Autophagy in Childhood Neurological Disorders
Developmental Medicine and Child Neurology
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Rubinsztein, D., Zhu, Y., Runwal, G., & Obrocki, P. (2019). Autophagy in Childhood Neurological Disorders. Developmental Medicine and Child Neurology, 61 (6), 639-645. https://doi.org/10.1111/dmcn.14092
Autophagy is a tightly modulated lysosomal degradation pathway. Genetic disorders of autophagy during nervous system development may lead to developmental delay, neurodegeneration and other neurological signs in children. Here we aimed to summarize single gene disorders that perturb various steps of autophagy pathway and their roles in the causation of childhood neurological diseases. Numerous childhood-onset disorders are caused by mutations that impact the autophagy pathway. These can manifest with a range of features including ataxia, spastic paraplegia, and intellectual disability. Defective proteins causing such diseases can interfere with autophagy flux at different stages of the itinerary. Defective autophagy may be an important contributor to the pathological features of various childhood neurodegenerative disease and lead to the accumulation of aberrant protein and dysfunctional organelles. Insights into the relevant cell biological processes may help understand pathophysiological mechanisms and inspire autophagy-restoring therapeutic approaches.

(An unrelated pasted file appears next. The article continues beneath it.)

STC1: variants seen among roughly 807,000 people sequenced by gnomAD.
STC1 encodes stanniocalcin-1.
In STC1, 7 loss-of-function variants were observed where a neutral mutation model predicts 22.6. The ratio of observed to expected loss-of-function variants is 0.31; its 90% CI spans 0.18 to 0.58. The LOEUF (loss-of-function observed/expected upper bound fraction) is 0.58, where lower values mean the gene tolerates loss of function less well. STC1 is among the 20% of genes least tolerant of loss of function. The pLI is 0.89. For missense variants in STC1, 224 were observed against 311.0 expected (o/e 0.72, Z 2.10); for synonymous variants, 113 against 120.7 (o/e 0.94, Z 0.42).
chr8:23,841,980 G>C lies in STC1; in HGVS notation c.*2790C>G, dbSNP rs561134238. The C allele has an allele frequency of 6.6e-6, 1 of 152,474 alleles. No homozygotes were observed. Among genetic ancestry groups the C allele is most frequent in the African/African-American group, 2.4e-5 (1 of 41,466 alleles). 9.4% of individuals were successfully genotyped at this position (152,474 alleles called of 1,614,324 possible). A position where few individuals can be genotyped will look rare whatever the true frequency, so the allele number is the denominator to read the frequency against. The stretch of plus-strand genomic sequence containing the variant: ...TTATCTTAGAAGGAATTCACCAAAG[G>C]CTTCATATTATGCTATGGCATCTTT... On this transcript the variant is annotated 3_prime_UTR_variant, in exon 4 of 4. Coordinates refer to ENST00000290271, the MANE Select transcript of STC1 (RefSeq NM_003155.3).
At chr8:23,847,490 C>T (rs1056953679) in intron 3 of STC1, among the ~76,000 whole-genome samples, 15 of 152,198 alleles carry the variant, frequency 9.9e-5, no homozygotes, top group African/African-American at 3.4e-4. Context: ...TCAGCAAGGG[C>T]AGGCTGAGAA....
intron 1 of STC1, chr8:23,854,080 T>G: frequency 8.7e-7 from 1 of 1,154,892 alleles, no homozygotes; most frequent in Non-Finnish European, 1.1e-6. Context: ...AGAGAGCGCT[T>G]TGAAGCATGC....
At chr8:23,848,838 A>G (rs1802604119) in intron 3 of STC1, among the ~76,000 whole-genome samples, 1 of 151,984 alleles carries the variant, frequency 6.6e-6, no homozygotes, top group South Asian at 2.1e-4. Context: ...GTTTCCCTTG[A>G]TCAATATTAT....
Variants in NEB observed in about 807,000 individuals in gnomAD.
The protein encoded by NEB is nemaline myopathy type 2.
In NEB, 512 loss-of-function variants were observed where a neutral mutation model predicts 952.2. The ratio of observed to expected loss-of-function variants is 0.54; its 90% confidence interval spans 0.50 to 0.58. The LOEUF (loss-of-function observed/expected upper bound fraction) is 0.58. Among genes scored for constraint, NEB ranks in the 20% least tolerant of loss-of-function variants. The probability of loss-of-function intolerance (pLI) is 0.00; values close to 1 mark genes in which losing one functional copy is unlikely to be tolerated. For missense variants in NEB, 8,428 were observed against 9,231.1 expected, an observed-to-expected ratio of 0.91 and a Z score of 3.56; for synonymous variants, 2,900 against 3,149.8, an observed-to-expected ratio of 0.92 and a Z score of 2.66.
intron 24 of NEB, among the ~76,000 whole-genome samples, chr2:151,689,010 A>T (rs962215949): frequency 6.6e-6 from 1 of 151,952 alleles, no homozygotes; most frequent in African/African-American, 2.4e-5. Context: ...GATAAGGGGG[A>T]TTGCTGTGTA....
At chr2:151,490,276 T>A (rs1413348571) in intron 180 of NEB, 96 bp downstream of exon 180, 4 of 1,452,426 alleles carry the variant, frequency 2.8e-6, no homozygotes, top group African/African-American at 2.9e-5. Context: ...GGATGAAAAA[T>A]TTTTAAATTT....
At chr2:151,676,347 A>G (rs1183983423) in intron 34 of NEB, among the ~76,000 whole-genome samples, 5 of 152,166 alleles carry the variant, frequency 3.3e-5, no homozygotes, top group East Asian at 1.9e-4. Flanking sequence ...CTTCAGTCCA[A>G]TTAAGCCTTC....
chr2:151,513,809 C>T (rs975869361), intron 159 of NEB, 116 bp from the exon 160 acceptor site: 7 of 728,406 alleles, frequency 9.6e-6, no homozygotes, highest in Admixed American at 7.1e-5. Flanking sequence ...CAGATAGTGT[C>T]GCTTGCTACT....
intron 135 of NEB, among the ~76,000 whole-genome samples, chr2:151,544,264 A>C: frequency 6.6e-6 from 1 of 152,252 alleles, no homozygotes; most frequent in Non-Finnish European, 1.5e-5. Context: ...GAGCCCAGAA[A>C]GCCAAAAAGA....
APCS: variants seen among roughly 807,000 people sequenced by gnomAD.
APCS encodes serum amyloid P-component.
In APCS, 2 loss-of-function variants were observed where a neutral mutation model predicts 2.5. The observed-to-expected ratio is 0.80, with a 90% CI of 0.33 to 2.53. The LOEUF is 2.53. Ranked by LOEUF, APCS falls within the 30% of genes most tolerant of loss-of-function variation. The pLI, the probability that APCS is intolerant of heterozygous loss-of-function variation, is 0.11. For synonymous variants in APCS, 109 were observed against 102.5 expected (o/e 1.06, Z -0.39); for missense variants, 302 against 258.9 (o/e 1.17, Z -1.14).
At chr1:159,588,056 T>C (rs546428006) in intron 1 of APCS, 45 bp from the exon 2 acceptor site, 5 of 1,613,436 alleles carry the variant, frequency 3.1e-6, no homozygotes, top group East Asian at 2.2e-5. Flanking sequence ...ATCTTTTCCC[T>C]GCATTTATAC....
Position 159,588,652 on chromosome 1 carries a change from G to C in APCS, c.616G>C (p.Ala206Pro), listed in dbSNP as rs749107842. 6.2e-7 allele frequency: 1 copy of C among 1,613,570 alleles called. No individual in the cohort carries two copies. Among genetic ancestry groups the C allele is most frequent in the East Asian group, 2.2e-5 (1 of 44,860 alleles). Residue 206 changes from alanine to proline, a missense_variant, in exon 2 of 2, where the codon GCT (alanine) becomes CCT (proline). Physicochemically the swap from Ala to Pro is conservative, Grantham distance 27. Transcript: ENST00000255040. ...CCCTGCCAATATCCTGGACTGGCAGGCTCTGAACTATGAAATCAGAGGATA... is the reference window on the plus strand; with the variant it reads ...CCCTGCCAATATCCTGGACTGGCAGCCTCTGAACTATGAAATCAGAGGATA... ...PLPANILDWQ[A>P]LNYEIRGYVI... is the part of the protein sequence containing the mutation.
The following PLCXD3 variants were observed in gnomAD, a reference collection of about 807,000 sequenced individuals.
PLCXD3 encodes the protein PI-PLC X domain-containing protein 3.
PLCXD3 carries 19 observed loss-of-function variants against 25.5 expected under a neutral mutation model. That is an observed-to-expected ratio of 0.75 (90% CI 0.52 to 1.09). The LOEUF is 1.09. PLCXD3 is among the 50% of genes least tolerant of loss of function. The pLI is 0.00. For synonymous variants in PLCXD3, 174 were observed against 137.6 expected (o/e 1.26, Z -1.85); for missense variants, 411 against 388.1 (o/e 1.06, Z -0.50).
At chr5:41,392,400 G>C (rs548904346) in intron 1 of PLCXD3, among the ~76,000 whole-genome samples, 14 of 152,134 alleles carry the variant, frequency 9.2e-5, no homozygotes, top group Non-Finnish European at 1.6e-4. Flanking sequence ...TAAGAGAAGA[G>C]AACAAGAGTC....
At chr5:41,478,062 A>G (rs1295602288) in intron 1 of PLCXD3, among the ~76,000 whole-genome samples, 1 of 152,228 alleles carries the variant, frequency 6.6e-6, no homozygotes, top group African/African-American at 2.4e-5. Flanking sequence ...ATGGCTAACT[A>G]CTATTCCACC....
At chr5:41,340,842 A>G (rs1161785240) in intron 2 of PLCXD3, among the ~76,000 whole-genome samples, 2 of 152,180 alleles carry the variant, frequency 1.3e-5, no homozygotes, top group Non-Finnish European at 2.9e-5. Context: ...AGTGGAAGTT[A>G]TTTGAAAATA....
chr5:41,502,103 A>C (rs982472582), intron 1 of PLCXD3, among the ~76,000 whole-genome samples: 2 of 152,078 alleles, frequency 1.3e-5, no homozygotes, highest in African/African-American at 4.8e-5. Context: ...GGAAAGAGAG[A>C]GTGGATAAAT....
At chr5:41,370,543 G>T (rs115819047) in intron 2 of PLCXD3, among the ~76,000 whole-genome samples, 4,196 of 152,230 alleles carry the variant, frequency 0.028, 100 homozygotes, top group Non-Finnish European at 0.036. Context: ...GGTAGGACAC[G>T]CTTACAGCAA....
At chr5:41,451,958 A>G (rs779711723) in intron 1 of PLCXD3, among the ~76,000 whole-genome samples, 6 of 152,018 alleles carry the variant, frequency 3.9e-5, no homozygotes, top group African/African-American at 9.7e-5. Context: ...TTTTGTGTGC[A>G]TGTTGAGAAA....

Wellcome Trust (100140/Z/12/Z)
External DOI: https://doi.org/10.1111/dmcn.14092
This record's URL: https://www.repository.cam.ac.uk/handle/1810/286379